Latest Comments by BostonFNP

BostonFNP Guide 46,202 Views

Joined Apr 4, '11 - from 'Northshore, MA'. BostonFNP is a Primary Care NP. Posts: 4,978 (62% Liked) Likes: 12,371

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  • 1
    MurseJJ likes this.

    Quote from NEMurse95
    I appreciate everyone's input. I'm definitely going to start reading textbooks when it relates to patient care/expanding my knowledge base to be better prepared to care for my future patients. Thanks again, everyone!
    Remember that the patho, clinical presentations, treatments your learn in pre-licensure is the same material you will learn again in more depth in grad school. The more you understand about basic a&p, patho, pharm, etc the better foundation you will have.

  • 0

    Simmons > Chamberlain.

  • 2
    LadyT618 and elkpark like this.

    Quote from DizzyJon
    Any studies or literature to further support this?

    I've seen a few bad cases in which the provider didn't do there homework and got screwed, but for sure the exception and not the rule. If you have proper coverage/limits on an employer paid for policy, then you may not need any additional coverage. It doesn't matter how many employers you have or just one job. Every job needs it's own policy if they are not the same entity and/or scope of practice. How many RNs get there own policy?
    Just do a quick google search you will find loads of info. Most employer-based insurance is claims-made and will not cover you if you change jobs unless an additional tail is purchased, is relatively low per-incident (and often distributed among all providers), and will absolutely not cover you for anything that occurs outside of work for that employer.

    All RNs should have it as well and many do, it's fairly cheap (1/6mil policy for about $100/yr for RNs).

  • 1
    lhflanurseNP likes this.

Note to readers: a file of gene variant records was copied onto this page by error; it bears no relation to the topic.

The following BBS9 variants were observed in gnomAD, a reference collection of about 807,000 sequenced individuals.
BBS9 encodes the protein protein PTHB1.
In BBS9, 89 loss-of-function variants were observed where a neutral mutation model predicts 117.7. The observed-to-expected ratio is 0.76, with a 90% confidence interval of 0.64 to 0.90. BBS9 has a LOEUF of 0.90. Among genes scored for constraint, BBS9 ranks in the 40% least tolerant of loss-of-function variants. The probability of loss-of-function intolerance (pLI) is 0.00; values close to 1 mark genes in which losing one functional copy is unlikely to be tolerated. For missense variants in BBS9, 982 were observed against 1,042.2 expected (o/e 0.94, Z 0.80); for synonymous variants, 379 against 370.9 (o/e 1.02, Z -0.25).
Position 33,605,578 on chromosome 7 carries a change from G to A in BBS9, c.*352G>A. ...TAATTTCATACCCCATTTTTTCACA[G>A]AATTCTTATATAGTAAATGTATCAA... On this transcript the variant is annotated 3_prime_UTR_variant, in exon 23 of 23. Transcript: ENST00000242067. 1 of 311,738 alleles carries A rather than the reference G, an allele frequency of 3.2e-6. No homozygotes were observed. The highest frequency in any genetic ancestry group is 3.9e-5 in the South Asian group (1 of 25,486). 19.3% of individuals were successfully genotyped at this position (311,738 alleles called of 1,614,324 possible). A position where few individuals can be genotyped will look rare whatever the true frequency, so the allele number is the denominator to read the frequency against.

You absoluetly need your own policy don't count on your employers especially if working in two roles at two facilities.

  • 0

    It is possible, sure.

    There are some potential legal concerns so make sure at least you carry your own malpractice insurance.

  • 1
    BCgradnurse likes this.

    Quote from ICUman
    An APRN may possess more knowledge and education in their field of study. I will not ever refer to them as my superior as that denotes a misconception. They have no relationship to the RN beyond providing patient care orders. Those with a perceived God complex will garner no respect from me.

    Living with the insecurity that an RN realizes NP's are not a superior must be daunting as well.
    TBH I have zero insecurity about my job or my role. I mean that. None. This is possible because I don't speak or practice outside my education and experience and I treat every person I encounter with respect, from patients to CNA/MA to RN to providers. Any APN or MD or PA that is practicing without a relationship to RNs (or any other healthcare team member) is a poor provider. Any RN that is practicing without a relationship to providers or assistants is a poor nurse.

    I've been there. I've seen novice providers barking "orders" at experienced RN without a shred of respect and it's wrong. I've seen experienced RN begrudge novice providers and jeapordize patient care as a result and it's wrong. We can all do better.

    Novices in any role tend to overcompensate and act overly self-important and it's dangerous. I think we can see that playing out here on both sides.

    In the end we all,need to function as a team regardless of role and when there is either a lack of respect for the other members role or a lack of understanding of the breadth of ones own role where problems happen.